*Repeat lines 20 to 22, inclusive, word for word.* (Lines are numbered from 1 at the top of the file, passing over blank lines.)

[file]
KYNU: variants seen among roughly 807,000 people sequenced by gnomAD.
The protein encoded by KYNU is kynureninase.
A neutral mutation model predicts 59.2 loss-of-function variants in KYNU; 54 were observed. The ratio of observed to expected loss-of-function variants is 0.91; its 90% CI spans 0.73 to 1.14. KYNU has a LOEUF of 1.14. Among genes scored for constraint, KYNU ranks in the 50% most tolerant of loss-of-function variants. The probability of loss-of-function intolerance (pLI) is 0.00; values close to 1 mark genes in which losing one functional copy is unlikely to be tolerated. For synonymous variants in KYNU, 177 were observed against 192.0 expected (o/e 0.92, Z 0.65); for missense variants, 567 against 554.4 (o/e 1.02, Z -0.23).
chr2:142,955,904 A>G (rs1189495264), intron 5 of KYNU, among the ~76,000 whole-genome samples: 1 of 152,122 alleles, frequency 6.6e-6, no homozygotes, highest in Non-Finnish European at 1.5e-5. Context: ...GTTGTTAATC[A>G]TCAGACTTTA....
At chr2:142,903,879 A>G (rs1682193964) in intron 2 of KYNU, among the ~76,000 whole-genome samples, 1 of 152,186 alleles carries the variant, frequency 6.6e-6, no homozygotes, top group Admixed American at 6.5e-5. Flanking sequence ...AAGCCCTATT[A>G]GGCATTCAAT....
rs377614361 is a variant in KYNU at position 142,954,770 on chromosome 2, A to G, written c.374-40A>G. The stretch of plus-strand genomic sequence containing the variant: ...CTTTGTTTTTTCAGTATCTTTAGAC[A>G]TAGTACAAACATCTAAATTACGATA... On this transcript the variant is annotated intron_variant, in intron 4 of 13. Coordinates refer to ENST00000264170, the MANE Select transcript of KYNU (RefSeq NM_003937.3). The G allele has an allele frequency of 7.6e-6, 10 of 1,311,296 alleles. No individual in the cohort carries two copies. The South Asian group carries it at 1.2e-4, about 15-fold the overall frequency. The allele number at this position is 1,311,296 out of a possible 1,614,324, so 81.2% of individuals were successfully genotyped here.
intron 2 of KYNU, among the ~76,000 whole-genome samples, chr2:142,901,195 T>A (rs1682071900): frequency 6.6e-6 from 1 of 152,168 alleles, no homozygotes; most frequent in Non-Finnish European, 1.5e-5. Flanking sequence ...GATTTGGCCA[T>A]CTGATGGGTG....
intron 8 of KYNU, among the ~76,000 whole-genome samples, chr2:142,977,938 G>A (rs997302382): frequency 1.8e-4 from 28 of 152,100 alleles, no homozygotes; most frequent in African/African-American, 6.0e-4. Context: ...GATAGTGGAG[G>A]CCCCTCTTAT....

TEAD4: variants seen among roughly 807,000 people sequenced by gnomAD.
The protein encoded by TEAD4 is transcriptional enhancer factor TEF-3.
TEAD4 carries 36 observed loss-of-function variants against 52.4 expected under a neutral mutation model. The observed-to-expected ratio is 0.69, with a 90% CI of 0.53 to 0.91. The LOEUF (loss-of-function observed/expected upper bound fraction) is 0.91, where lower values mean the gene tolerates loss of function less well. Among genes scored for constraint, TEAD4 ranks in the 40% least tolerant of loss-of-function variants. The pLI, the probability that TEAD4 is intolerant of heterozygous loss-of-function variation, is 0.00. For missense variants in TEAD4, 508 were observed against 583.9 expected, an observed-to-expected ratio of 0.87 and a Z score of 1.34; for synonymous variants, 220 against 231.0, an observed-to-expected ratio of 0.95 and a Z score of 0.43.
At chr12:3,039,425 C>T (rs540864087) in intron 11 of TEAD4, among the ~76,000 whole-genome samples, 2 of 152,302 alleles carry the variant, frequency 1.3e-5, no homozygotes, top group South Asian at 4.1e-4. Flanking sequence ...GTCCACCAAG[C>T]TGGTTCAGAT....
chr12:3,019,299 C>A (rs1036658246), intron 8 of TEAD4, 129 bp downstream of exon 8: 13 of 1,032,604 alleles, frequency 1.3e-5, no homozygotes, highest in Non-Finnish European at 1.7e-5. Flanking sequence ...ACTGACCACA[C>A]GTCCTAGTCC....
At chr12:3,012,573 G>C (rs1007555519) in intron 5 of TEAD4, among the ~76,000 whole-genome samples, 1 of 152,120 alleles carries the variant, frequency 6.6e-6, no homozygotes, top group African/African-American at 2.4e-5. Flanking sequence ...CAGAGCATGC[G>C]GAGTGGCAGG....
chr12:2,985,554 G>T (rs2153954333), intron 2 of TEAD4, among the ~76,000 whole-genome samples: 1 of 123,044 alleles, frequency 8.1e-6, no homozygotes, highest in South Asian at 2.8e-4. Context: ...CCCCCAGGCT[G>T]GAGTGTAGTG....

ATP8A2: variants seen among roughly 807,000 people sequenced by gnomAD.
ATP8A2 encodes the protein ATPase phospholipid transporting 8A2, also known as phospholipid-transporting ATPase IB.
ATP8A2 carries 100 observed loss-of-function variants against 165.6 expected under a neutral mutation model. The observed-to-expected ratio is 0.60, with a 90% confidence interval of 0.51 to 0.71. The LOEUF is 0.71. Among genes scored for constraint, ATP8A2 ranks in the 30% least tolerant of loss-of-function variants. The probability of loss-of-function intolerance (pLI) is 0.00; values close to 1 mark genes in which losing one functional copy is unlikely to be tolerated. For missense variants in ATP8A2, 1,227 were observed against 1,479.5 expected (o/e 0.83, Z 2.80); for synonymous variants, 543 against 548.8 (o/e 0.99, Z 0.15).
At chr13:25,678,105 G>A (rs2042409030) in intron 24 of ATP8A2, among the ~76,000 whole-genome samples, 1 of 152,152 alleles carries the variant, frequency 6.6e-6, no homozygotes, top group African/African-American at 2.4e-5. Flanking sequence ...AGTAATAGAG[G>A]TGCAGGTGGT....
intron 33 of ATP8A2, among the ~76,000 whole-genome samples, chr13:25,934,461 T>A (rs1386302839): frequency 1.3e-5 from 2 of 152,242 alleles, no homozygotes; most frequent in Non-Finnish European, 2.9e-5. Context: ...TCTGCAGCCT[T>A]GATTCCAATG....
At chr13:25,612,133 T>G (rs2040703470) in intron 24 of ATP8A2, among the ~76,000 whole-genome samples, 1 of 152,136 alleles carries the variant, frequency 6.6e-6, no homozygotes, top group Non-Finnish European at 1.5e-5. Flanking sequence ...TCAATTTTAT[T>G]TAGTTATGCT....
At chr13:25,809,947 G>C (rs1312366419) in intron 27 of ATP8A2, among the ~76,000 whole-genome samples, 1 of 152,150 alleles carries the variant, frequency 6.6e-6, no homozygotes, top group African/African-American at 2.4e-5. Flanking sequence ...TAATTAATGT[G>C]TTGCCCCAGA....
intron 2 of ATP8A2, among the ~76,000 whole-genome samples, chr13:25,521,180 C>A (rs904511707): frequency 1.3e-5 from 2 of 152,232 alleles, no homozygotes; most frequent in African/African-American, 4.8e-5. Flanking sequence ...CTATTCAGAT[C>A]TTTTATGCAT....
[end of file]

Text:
intron 33 of ATP8A2, among the ~76,000 whole-genome samples, chr13:25,934,461 T>A (rs1386302839): frequency 1.3e-5 from 2 of 152,242 alleles, no homozygotes; most frequent in Non-Finnish European, 2.9e-5. Context: ...TCTGCAGCCT[T>A]GATTCCAATG....
At chr13:25,612,133 T>G (rs2040703470) in intron 24 of ATP8A2, among the ~76,000 whole-genome samples, 1 of 152,136 alleles carries the variant, frequency 6.6e-6, no homozygotes, top group Non-Finnish European at 1.5e-5. Flanking sequence ...TCAATTTTAT[T>G]TAGTTATGCT....
At chr13:25,809,947 G>C (rs1312366419) in intron 27 of ATP8A2, among the ~76,000 whole-genome samples, 1 of 152,150 alleles carries the variant, frequency 6.6e-6, no homozygotes, top group African/African-American at 2.4e-5. Flanking sequence ...TAATTAATGT[G>C]TTGCCCCAGA....